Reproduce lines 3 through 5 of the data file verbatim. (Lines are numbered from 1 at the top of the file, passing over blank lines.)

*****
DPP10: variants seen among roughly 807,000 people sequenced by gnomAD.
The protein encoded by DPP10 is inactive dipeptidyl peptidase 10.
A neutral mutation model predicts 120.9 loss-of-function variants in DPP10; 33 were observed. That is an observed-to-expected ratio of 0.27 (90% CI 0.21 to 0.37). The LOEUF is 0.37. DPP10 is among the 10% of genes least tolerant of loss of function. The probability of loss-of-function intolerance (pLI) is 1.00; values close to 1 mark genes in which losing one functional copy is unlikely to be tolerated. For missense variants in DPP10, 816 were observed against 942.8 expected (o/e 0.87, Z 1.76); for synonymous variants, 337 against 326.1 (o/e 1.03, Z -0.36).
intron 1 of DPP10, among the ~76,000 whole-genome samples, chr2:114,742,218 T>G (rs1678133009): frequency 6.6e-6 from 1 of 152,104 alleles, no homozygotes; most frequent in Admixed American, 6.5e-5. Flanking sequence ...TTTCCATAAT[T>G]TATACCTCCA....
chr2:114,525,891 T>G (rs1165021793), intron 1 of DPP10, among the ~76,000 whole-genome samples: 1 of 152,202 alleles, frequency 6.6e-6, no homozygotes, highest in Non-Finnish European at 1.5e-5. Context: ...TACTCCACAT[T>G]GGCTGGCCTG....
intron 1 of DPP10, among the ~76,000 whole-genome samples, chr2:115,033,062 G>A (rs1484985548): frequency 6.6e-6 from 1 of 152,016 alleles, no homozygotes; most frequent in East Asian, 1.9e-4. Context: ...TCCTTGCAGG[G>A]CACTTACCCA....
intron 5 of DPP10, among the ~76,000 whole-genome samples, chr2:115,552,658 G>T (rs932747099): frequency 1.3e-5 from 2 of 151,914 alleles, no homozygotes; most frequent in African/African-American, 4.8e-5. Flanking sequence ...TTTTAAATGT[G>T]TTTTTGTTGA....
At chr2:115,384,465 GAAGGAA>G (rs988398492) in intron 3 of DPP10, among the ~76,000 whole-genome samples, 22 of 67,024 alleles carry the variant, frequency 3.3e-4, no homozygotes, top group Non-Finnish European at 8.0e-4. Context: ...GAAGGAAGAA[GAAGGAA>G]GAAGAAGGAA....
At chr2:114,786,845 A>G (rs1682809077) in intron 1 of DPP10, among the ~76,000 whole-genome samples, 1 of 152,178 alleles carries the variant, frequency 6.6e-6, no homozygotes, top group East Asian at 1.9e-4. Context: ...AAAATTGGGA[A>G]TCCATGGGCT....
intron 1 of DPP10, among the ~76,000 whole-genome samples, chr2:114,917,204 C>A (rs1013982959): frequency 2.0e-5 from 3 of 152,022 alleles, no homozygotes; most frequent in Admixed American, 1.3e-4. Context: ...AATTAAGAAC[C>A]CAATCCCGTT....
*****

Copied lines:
A neutral mutation model predicts 120.9 loss-of-function variants in DPP10; 33 were observed. That is an observed-to-expected ratio of 0.27 (90% CI 0.21 to 0.37). The LOEUF is 0.37. DPP10 is among the 10% of genes least tolerant of loss of function. The probability of loss-of-function intolerance (pLI) is 1.00; values close to 1 mark genes in which losing one functional copy is unlikely to be tolerated. For missense variants in DPP10, 816 were observed against 942.8 expected (o/e 0.87, Z 1.76); for synonymous variants, 337 against 326.1 (o/e 1.03, Z -0.36).
intron 1 of DPP10, among the ~76,000 whole-genome samples, chr2:114,742,218 T>G (rs1678133009): frequency 6.6e-6 from 1 of 152,104 alleles, no homozygotes; most frequent in Admixed American, 6.5e-5. Flanking sequence ...TTTCCATAAT[T>G]TATACCTCCA....
chr2:114,525,891 T>G (rs1165021793), intron 1 of DPP10, among the ~76,000 whole-genome samples: 1 of 152,202 alleles, frequency 6.6e-6, no homozygotes, highest in Non-Finnish European at 1.5e-5. Context: ...TACTCCACAT[T>G]GGCTGGCCTG....